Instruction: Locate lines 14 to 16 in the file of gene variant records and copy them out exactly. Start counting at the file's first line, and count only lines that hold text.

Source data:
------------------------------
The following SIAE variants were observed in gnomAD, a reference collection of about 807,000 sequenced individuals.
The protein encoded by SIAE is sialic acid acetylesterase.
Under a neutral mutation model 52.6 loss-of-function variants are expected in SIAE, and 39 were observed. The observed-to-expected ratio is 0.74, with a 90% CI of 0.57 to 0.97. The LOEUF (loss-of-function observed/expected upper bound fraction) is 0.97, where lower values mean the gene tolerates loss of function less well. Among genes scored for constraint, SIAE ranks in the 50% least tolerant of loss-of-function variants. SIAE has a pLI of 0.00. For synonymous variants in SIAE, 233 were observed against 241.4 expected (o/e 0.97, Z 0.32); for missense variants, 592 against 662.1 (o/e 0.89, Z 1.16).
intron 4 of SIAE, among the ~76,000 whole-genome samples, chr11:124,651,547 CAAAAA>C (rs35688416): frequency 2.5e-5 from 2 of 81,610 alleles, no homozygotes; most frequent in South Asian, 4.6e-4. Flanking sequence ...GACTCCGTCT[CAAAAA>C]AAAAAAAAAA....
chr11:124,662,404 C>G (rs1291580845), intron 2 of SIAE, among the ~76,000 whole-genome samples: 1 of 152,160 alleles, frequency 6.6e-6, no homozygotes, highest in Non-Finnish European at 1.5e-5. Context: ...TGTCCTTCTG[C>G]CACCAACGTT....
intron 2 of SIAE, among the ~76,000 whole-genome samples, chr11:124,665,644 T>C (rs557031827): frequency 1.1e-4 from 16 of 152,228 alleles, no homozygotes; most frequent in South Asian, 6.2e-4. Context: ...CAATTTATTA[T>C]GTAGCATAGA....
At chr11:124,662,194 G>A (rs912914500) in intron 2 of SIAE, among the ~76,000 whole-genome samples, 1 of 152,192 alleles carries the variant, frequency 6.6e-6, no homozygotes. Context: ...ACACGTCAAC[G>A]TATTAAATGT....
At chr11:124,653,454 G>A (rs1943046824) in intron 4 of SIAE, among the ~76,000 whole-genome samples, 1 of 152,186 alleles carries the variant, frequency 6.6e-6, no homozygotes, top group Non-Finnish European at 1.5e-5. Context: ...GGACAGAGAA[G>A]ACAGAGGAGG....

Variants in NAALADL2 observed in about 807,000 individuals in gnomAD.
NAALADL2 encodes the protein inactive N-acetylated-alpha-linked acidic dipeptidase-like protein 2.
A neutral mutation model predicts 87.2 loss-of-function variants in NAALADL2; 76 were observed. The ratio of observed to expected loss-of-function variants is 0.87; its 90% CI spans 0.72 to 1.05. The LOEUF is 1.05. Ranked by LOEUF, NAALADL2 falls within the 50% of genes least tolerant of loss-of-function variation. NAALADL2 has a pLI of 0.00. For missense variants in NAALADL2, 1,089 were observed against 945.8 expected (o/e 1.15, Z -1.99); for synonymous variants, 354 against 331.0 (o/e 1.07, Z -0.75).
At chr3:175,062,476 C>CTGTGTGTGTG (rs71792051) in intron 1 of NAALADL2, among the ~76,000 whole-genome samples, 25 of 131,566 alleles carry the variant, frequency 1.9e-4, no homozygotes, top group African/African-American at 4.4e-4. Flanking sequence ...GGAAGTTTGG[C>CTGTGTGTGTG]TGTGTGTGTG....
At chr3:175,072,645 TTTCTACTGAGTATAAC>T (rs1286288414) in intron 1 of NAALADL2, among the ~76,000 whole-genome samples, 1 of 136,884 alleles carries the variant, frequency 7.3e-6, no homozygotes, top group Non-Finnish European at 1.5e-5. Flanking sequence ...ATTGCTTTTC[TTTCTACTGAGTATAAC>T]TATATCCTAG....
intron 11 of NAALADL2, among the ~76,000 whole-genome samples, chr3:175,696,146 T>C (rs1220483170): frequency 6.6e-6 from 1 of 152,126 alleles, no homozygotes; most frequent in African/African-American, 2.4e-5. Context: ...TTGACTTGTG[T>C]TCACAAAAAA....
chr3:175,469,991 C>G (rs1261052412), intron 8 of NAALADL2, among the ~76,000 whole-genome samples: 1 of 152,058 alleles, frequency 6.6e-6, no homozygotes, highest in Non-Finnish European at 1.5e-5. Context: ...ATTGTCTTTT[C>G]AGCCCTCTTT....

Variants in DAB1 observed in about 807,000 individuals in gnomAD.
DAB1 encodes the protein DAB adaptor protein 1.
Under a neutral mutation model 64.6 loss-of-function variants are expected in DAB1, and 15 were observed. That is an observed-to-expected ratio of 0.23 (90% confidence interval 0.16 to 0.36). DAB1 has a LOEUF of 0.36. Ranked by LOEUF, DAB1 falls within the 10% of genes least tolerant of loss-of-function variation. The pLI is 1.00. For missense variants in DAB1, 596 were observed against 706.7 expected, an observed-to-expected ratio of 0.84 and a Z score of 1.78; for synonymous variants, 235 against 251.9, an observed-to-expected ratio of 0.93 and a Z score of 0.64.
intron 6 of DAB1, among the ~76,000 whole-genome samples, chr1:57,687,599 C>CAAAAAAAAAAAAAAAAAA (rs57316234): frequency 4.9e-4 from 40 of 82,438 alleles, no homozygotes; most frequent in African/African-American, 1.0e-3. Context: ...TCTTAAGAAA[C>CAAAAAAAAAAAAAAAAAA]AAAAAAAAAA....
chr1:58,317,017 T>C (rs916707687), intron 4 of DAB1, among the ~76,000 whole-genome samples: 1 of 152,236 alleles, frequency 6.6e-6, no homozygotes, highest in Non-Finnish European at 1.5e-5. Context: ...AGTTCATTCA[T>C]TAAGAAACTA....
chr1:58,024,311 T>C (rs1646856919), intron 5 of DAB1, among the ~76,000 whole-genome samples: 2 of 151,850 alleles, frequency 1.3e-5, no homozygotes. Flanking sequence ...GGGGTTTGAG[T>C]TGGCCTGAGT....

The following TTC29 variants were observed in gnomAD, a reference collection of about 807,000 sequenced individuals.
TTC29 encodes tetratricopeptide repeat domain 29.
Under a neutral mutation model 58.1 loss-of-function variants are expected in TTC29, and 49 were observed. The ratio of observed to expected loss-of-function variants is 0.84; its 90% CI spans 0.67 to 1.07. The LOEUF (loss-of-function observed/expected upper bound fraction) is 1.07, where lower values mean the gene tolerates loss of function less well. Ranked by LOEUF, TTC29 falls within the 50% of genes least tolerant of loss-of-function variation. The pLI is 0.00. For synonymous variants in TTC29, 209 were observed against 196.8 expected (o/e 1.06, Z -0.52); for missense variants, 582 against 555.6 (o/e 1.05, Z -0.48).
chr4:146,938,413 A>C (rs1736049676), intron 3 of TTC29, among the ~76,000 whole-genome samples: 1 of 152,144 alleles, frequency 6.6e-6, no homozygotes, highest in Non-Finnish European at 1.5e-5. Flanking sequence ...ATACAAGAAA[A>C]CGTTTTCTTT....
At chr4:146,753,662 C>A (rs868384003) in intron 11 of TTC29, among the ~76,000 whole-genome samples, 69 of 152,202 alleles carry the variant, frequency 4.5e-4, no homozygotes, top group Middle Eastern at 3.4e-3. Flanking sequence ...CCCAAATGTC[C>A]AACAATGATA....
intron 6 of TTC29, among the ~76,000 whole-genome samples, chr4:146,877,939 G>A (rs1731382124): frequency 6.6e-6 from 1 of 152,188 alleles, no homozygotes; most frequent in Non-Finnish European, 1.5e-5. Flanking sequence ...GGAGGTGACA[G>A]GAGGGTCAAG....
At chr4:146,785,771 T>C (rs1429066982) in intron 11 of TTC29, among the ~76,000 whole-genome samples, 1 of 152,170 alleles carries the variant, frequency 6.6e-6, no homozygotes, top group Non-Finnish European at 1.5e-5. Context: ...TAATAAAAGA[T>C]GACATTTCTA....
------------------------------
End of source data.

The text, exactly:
intron 11 of NAALADL2, among the ~76,000 whole-genome samples, chr3:175,696,146 T>C (rs1220483170): frequency 6.6e-6 from 1 of 152,126 alleles, no homozygotes; most frequent in African/African-American, 2.4e-5. Context: ...TTGACTTGTG[T>C]TCACAAAAAA....
chr3:175,469,991 C>G (rs1261052412), intron 8 of NAALADL2, among the ~76,000 whole-genome samples: 1 of 152,058 alleles, frequency 6.6e-6, no homozygotes, highest in Non-Finnish European at 1.5e-5. Context: ...ATTGTCTTTT[C>G]AGCCCTCTTT....

Variants in DAB1 observed in about 807,000 individuals in gnomAD.